9. Mr Clarke responded. He argued that it was clear from the grant of permission that the judge had rejected the argument that the refusal to adjourn had been an error and the appellant had not sought to appeal that decision to the Upper Tribunal. With respect to the other matter, to submitted that in recording the 50-50 risk, the judge was referring to what the doctor had said and was not making his own assessment. The judge could not be criticized for taking account of the medical evidence submitted by the appellant himself. Mr Clarke also pointed out that all references to any balancing exercise emanated from the doctor's report and were not assessments made by the judge. Paragraphs 47 and 48 of the detention summarize paragraphs 129-130 of the report. The findings of the judge commence at paragraph 55. It can be clearly seen that the judge correctly refers to the standard of proof and the case law (at 60-61) and that he carefully assesses all the evidence concluding that the appellant would not be at a real risk of being exposed to serious, rapid and irreversible decline resulting in intense suffering. Mr Clarke submitted that the appellant was not pursuing an asylum claim so the reasonable degree of likelihood test suggested in the grounds was not applicable. The decision was not perverse. The judge correctly directed himself and the appeal should be dismissed.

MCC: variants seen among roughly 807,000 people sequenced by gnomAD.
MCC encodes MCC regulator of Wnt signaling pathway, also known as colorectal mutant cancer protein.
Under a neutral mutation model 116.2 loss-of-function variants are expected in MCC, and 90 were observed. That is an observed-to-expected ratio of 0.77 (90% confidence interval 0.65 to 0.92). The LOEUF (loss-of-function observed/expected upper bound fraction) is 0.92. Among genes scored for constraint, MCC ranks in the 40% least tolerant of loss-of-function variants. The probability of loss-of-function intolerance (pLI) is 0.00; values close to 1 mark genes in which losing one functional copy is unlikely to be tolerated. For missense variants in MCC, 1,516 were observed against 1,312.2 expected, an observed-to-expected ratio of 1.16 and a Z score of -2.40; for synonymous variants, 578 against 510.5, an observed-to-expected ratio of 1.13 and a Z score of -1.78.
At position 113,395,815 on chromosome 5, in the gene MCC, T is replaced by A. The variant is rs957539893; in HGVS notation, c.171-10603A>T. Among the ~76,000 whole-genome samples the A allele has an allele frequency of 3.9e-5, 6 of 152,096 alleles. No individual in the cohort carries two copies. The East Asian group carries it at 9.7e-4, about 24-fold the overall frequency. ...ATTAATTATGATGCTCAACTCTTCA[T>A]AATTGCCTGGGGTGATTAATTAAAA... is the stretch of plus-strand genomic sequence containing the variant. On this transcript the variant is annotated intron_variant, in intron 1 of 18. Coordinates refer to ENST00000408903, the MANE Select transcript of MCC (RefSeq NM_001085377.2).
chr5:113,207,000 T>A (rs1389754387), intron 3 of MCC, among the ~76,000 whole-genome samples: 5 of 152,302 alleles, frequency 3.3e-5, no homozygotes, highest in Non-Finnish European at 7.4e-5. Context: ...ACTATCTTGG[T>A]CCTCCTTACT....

10. In reply, Ms Nicolaou submitted that her arguments on the rejected ground were made following the guidance in Safi (op cit). On the matter of the 50-50 assessment, although that was the doctor's view, the judge had relied on it thereby indicating that he had applied the balance of probabilities test.

Findings and Conclusions